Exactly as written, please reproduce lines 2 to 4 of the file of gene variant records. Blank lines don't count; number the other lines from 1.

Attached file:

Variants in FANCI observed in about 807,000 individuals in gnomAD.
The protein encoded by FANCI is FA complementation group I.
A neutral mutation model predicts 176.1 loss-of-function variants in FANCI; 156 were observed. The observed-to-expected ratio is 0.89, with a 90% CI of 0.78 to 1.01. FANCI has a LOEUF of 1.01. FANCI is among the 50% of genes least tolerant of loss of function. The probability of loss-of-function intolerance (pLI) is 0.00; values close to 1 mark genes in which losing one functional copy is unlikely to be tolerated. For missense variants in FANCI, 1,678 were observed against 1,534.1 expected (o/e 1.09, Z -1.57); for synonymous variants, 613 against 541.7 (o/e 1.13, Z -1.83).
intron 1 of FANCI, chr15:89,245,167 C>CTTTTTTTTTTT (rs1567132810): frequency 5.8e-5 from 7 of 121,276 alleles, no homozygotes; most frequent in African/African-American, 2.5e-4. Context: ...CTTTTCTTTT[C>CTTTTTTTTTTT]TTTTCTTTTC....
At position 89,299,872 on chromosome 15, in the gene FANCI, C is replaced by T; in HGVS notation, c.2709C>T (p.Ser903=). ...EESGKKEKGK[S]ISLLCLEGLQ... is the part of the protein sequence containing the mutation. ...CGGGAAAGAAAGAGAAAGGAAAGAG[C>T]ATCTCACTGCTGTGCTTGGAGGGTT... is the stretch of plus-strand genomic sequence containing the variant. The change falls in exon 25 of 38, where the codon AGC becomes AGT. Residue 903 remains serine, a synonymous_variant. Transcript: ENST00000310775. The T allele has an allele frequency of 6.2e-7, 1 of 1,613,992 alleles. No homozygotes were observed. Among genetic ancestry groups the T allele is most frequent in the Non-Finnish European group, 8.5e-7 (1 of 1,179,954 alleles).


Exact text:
The protein encoded by FANCI is FA complementation group I.
A neutral mutation model predicts 176.1 loss-of-function variants in FANCI; 156 were observed. The observed-to-expected ratio is 0.89, with a 90% CI of 0.78 to 1.01. FANCI has a LOEUF of 1.01. FANCI is among the 50% of genes least tolerant of loss of function. The probability of loss-of-function intolerance (pLI) is 0.00; values close to 1 mark genes in which losing one functional copy is unlikely to be tolerated. For missense variants in FANCI, 1,678 were observed against 1,534.1 expected (o/e 1.09, Z -1.57); for synonymous variants, 613 against 541.7 (o/e 1.13, Z -1.83).
intron 1 of FANCI, chr15:89,245,167 C>CTTTTTTTTTTT (rs1567132810): frequency 5.8e-5 from 7 of 121,276 alleles, no homozygotes; most frequent in African/African-American, 2.5e-4. Context: ...CTTTTCTTTT[C>CTTTTTTTTTTT]TTTTCTTTTC....